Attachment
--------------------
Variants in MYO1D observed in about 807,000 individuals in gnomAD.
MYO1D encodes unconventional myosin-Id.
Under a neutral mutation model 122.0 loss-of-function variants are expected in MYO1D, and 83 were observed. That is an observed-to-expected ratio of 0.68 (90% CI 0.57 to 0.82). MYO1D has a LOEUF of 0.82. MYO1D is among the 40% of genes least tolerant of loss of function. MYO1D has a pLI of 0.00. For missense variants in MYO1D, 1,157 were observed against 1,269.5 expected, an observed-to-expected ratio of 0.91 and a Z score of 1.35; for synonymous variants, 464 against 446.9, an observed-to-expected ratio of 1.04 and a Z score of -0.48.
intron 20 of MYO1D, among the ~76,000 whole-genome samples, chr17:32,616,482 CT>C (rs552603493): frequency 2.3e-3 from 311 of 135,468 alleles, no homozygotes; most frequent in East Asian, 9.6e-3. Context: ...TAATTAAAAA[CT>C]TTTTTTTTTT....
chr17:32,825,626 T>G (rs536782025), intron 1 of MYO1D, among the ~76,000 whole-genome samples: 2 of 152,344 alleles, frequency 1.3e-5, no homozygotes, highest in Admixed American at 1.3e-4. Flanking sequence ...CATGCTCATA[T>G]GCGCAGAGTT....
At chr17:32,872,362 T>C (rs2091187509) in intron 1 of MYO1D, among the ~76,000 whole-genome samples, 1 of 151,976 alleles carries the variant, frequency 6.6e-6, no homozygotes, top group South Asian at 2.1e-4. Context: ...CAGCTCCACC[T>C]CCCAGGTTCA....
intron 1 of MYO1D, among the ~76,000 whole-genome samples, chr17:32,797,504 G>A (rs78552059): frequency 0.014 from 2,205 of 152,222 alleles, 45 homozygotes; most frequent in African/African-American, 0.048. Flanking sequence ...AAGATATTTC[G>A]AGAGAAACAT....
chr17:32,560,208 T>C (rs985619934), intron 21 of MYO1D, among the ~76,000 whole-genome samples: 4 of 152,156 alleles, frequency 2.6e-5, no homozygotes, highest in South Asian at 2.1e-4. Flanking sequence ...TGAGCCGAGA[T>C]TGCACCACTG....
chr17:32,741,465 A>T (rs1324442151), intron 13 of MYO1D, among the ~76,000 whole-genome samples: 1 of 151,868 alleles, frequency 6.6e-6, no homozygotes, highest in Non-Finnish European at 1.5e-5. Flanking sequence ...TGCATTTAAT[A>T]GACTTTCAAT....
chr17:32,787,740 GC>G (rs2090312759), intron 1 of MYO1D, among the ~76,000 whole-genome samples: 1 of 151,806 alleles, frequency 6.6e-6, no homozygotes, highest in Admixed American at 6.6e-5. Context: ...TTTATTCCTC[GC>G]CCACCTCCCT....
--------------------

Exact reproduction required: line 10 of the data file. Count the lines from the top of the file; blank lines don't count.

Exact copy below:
chr17:32,787,740 GC>G (rs2090312759), intron 1 of MYO1D, among the ~76,000 whole-genome samples: 1 of 151,806 alleles, frequency 6.6e-6, no homozygotes, highest in Admixed American at 6.6e-5. Context: ...TTTATTCCTC[GC>G]CCACCTCCCT....